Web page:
Former Wales captain Ryan Jones has hailed Sam Warburton's World Cup leadership as "inspirational".
Jones skippered his country 27 times - just one behind the Wales record held by Ieuan Evans - but lost the captaincy almost 12 months ago after Wales were held 16-16 at home by Fiji.
Hooker Matthew Rees took over for the subsequent RBS 6 Nations Championship, but when he suffered a World Cup-ending neck injury weeks before the tournament, Warburton took over.
In his nine games at the helm, 23-year-old Warburton has led Wales to seven victories, helping them generate momentum towards Saturday's World Cup semi-final appointment with France at Eden Park.
"Sam is a great kid who has done nothing but lead by example on and off the field," Ospreys back-row forward Jones said.
"He is inspirational in the way he conducts himself on the field, the manner in which he has been playing.
"And likewise, off the field. Age is just a number when you have got someone who commands that much respect. He's very receptive to ideas and having a chat.
"There is a role for players like myself, helping him with his role and making sure he's comfortable so it doesn't distract from the way he is playing and he is able to excel the way he has done."
Jones, 30, is likely to be on the bench providing back-row cover for Warburton, Dan Lydiate and Toby Faletau this weekend - but his World Cup could easily have ended just a few weeks ago due to persistent calf muscle trouble.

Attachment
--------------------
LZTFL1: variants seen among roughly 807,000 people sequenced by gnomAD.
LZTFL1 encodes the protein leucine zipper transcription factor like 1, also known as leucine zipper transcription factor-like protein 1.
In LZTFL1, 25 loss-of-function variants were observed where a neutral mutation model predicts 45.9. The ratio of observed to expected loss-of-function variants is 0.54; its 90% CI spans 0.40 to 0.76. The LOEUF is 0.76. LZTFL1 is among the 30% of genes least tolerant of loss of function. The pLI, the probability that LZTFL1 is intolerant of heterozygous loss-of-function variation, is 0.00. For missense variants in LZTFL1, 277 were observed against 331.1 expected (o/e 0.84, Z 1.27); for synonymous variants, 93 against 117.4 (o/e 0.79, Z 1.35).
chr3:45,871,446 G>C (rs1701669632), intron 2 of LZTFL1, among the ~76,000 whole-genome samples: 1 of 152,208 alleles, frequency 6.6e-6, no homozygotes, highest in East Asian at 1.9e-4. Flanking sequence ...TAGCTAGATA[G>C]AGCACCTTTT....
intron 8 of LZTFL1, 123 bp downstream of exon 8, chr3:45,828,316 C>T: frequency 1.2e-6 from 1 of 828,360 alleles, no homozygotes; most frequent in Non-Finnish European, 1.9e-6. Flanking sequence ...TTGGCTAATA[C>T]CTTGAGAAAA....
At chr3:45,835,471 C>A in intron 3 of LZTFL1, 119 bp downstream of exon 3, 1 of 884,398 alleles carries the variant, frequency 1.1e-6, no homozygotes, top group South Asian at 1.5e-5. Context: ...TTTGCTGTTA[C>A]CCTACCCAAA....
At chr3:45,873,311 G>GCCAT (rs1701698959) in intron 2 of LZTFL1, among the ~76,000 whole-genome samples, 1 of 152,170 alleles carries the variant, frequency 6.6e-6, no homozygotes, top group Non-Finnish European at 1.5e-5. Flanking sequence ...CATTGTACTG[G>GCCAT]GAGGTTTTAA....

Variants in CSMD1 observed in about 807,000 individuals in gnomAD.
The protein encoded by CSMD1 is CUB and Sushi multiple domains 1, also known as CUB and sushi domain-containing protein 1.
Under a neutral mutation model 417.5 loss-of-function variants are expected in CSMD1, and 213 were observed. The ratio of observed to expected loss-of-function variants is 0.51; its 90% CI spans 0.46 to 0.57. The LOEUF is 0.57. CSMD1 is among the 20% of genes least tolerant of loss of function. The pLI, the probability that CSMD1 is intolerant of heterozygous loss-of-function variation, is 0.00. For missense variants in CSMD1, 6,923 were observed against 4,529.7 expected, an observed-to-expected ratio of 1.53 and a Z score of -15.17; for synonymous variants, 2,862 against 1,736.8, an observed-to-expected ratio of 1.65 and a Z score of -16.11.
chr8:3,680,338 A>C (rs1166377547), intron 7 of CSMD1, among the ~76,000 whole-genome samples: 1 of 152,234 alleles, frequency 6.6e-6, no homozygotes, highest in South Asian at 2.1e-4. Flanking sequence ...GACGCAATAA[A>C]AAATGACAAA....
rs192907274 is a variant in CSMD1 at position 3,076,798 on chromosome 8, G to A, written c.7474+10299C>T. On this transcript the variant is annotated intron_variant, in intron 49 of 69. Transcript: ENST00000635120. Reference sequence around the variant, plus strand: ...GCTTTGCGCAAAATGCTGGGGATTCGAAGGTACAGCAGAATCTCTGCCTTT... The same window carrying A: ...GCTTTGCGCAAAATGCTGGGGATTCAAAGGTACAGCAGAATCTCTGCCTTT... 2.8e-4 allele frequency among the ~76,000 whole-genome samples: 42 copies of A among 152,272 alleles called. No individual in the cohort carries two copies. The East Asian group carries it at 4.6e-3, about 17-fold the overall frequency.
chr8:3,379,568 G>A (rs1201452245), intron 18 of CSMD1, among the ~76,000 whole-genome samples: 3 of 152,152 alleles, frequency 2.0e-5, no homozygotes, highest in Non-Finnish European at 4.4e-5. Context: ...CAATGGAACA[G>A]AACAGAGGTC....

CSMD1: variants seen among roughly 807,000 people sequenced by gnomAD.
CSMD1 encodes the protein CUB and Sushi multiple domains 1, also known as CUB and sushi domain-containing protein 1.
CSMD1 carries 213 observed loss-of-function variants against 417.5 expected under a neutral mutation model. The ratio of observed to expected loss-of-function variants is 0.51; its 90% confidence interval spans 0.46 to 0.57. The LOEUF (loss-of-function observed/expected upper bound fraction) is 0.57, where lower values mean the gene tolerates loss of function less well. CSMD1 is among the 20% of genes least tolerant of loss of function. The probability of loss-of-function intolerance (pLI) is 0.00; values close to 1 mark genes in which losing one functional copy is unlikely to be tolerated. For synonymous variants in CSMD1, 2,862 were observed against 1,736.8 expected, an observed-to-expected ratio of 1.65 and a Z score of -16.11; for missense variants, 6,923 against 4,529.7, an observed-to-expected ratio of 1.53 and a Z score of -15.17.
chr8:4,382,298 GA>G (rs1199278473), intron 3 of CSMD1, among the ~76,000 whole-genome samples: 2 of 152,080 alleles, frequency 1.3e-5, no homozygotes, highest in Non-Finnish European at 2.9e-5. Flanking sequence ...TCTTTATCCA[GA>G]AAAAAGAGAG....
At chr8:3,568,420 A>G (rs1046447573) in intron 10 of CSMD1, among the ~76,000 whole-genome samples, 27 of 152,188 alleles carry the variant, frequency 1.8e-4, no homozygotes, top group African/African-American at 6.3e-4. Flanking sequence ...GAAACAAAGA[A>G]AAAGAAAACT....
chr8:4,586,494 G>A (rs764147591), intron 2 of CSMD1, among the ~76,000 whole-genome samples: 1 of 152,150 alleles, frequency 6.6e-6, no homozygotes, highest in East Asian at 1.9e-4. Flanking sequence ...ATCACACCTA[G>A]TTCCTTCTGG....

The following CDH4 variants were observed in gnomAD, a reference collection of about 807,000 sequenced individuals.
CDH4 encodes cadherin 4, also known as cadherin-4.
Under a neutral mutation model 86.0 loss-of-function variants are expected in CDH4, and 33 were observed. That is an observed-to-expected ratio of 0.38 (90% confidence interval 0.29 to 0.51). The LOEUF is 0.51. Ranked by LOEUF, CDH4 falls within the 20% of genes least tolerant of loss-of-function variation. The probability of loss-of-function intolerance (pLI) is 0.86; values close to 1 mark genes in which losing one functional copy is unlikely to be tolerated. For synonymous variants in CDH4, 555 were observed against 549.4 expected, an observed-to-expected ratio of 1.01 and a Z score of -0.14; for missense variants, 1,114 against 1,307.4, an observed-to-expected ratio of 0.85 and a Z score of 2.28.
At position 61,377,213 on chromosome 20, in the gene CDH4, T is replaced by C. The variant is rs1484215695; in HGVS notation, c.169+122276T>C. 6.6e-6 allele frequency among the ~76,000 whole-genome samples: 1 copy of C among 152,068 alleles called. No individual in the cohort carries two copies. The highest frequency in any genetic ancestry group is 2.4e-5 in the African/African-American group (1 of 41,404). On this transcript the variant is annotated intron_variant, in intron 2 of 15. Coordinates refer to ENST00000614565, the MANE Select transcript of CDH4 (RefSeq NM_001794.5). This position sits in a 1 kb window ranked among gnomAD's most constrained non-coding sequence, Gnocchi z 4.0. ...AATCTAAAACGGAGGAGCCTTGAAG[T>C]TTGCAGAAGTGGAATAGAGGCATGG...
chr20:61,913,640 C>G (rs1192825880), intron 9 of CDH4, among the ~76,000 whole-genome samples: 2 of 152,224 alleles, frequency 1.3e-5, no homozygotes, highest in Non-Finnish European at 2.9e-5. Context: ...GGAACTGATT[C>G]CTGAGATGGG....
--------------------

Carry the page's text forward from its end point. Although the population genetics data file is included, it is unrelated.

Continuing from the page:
"It has been a hell of a six weeks for me," he added.
"Three weeks ago, I had my plane ticket booked and I was going home, but I am still here and I am still figuring.
"I am thoroughly enjoying it. Crikey, we are in the semi-final of a World Cup, and I am still trying to contribute and be as much a part of that as I can be."
Wales have arrived in the last four after successive victories over Samoa, Namibia, Fiji and Ireland, and Jones has no doubt it will be business as usual this week despite the game's colossal stakes.
"The focus for us this week is just about doing the same as we have been doing," he said.
"You don't go into a week like this trying to reinvent the wheel.
"You need to try to keep the emotion out of it and allow people to go and play and do what they've been doing.
"There are no second chances. It is about putting yourself in a position to give you the best possible opportunity of winning the game.
"It was a far better French performance (against England) than they had shown throughout the tournament.
"To get to this end of the tournament and progress, you need every individual to be on top of his game.
"People like (Imanol) Harinordoquy, and from numbers one to 15, when they get it right on the day they are an incredibly difficult team to play against. The threat that France pose is a very complete one.
"They are quite happy and comfortable to mix it up with you physically, and yet we all know what they are capable of if you get into loose play with them. You can end up chasing shadows.
"I have been involved in all sorts of games against France over the years where we've won, lost and come off hugely second-best. You just don't know."